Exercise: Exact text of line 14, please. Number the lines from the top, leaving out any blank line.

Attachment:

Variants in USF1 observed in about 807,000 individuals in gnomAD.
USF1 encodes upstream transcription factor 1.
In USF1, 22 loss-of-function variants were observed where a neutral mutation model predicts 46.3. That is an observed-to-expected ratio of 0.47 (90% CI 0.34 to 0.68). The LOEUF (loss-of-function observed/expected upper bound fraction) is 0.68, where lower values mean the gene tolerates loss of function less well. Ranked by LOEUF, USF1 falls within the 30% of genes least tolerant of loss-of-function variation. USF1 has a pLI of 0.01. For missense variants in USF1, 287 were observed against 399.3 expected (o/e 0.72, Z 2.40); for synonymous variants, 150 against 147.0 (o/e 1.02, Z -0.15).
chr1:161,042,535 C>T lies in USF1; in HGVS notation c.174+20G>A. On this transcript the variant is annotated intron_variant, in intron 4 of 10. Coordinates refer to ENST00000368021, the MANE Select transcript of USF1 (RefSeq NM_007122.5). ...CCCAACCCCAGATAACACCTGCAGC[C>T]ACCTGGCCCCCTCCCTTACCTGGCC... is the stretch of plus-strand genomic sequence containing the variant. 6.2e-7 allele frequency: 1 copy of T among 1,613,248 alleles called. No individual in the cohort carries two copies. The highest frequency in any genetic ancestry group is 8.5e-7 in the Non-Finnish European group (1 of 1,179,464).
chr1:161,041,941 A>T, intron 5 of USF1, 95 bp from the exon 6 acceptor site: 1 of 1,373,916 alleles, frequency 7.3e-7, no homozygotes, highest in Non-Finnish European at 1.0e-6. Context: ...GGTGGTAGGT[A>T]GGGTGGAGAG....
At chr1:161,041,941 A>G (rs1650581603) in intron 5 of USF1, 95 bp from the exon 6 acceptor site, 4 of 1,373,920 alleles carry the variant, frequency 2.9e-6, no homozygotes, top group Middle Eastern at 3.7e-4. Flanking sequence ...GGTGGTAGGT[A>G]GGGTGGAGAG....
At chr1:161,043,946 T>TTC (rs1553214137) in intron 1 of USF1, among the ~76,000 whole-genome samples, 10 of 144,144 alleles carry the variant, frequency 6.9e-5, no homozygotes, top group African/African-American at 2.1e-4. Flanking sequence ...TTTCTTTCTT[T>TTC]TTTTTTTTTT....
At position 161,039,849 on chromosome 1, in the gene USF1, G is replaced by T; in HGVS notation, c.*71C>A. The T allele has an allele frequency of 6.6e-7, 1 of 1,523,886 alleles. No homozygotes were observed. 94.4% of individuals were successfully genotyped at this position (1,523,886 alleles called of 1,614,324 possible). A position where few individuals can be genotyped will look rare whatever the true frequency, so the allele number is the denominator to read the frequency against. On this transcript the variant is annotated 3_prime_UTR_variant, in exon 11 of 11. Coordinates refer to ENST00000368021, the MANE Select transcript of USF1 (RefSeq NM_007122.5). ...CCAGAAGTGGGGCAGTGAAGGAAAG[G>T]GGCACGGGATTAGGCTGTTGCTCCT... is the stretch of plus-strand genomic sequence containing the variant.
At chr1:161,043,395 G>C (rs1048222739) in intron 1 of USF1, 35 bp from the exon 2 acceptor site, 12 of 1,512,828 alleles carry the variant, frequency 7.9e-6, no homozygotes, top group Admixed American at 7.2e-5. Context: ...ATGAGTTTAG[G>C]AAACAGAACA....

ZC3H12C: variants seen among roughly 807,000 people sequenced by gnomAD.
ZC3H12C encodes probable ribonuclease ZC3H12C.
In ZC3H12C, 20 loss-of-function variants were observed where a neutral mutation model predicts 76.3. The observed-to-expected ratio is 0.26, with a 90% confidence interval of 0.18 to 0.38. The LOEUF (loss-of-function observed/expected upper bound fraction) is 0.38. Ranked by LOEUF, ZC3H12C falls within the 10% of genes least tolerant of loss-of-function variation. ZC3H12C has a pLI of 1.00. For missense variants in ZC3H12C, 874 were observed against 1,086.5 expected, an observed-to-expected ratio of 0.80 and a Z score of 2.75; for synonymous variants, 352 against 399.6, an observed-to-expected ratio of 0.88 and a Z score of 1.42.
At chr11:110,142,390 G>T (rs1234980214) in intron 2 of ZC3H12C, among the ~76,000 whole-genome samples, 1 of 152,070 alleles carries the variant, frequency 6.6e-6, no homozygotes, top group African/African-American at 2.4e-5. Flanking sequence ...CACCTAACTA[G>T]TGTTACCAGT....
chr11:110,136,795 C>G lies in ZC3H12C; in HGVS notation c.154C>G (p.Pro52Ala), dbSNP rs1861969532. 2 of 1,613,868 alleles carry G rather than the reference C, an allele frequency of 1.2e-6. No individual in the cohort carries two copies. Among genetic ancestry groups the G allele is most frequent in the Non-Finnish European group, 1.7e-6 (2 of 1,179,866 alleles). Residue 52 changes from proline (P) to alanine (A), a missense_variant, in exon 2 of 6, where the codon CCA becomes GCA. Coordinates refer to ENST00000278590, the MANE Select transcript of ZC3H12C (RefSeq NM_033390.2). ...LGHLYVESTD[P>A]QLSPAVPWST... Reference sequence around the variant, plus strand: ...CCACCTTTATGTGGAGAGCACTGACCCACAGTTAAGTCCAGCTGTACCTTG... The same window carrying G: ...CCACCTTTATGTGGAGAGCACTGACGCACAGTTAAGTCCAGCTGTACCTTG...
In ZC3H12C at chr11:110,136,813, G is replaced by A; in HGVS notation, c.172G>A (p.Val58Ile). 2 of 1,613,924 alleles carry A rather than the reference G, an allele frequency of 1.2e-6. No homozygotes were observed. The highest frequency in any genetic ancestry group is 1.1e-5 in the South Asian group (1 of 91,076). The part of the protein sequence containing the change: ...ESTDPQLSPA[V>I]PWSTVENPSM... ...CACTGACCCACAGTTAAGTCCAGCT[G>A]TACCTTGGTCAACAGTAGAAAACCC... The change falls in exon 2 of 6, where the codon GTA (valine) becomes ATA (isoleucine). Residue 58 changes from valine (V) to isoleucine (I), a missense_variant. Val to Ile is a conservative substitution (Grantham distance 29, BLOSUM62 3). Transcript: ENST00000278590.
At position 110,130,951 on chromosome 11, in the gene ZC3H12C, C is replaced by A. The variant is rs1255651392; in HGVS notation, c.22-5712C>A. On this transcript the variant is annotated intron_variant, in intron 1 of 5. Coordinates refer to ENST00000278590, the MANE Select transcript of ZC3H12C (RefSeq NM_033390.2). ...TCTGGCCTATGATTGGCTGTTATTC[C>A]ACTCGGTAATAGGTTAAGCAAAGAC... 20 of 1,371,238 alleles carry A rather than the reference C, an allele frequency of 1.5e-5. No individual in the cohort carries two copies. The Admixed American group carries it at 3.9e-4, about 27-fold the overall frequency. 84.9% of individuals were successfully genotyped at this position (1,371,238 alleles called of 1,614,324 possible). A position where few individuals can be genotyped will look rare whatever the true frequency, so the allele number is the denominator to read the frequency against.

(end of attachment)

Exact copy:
chr11:110,136,795 C>G lies in ZC3H12C; in HGVS notation c.154C>G (p.Pro52Ala), dbSNP rs1861969532. 2 of 1,613,868 alleles carry G rather than the reference C, an allele frequency of 1.2e-6. No individual in the cohort carries two copies. Among genetic ancestry groups the G allele is most frequent in the Non-Finnish European group, 1.7e-6 (2 of 1,179,866 alleles). Residue 52 changes from proline (P) to alanine (A), a missense_variant, in exon 2 of 6, where the codon CCA becomes GCA. Coordinates refer to ENST00000278590, the MANE Select transcript of ZC3H12C (RefSeq NM_033390.2). ...LGHLYVESTD[P>A]QLSPAVPWST... Reference sequence around the variant, plus strand: ...CCACCTTTATGTGGAGAGCACTGACCCACAGTTAAGTCCAGCTGTACCTTG... The same window carrying G: ...CCACCTTTATGTGGAGAGCACTGACGCACAGTTAAGTCCAGCTGTACCTTG...